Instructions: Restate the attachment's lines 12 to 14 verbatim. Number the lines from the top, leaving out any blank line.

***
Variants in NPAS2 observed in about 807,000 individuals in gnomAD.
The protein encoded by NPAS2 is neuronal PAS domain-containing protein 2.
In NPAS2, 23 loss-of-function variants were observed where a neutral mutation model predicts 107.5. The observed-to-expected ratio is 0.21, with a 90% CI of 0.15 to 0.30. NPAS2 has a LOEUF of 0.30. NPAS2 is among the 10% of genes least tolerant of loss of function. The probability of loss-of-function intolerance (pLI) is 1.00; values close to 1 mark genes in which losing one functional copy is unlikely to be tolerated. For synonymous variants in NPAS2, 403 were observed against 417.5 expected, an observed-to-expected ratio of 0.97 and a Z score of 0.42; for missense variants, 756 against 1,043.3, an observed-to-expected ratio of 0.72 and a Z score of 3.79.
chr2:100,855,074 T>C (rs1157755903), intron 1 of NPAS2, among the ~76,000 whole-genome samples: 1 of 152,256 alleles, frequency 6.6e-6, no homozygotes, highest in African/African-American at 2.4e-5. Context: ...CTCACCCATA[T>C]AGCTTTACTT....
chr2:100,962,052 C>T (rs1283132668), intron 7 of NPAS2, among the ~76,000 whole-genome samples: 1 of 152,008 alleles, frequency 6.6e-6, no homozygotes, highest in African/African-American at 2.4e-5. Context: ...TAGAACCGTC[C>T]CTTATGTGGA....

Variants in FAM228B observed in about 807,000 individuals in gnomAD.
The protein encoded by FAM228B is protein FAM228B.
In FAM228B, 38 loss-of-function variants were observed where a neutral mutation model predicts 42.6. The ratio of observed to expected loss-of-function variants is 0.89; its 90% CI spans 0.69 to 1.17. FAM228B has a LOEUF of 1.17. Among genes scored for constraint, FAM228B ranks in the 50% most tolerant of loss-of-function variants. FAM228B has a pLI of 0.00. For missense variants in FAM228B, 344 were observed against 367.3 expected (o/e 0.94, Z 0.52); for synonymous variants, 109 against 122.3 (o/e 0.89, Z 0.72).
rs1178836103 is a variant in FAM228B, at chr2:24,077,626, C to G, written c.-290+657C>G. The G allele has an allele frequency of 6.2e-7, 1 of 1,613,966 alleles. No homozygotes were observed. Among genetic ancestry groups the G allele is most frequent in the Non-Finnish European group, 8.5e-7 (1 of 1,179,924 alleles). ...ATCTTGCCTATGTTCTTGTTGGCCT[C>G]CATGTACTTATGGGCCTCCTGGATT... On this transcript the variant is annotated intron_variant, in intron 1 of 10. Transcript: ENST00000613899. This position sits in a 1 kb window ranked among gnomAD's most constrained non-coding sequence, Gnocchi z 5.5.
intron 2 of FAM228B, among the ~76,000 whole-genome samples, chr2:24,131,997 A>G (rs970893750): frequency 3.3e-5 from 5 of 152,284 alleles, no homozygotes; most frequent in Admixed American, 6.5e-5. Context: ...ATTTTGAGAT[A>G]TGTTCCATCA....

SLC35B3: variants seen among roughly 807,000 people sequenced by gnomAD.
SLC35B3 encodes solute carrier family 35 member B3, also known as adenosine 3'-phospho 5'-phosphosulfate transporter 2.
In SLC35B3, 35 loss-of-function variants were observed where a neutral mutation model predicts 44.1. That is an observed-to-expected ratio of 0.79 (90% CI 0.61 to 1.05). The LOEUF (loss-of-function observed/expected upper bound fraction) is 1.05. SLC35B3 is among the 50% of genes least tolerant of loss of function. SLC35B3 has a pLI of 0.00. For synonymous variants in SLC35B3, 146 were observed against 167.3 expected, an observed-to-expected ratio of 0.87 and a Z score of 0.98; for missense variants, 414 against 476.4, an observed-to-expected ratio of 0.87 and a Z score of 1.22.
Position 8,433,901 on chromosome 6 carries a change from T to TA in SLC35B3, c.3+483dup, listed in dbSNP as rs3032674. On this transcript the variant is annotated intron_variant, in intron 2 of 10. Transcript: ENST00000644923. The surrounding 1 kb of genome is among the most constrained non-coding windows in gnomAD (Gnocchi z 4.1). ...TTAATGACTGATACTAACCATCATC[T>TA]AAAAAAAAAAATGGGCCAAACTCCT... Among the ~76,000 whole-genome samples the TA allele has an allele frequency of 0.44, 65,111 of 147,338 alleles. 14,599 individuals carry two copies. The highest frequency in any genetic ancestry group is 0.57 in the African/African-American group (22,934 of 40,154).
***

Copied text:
SLC35B3 encodes solute carrier family 35 member B3, also known as adenosine 3'-phospho 5'-phosphosulfate transporter 2.
In SLC35B3, 35 loss-of-function variants were observed where a neutral mutation model predicts 44.1. That is an observed-to-expected ratio of 0.79 (90% CI 0.61 to 1.05). The LOEUF (loss-of-function observed/expected upper bound fraction) is 1.05. SLC35B3 is among the 50% of genes least tolerant of loss of function. SLC35B3 has a pLI of 0.00. For synonymous variants in SLC35B3, 146 were observed against 167.3 expected, an observed-to-expected ratio of 0.87 and a Z score of 0.98; for missense variants, 414 against 476.4, an observed-to-expected ratio of 0.87 and a Z score of 1.22.
Position 8,433,901 on chromosome 6 carries a change from T to TA in SLC35B3, c.3+483dup, listed in dbSNP as rs3032674. On this transcript the variant is annotated intron_variant, in intron 2 of 10. Transcript: ENST00000644923. The surrounding 1 kb of genome is among the most constrained non-coding windows in gnomAD (Gnocchi z 4.1). ...TTAATGACTGATACTAACCATCATC[T>TA]AAAAAAAAAAATGGGCCAAACTCCT... Among the ~76,000 whole-genome samples the TA allele has an allele frequency of 0.44, 65,111 of 147,338 alleles. 14,599 individuals carry two copies. The highest frequency in any genetic ancestry group is 0.57 in the African/African-American group (22,934 of 40,154).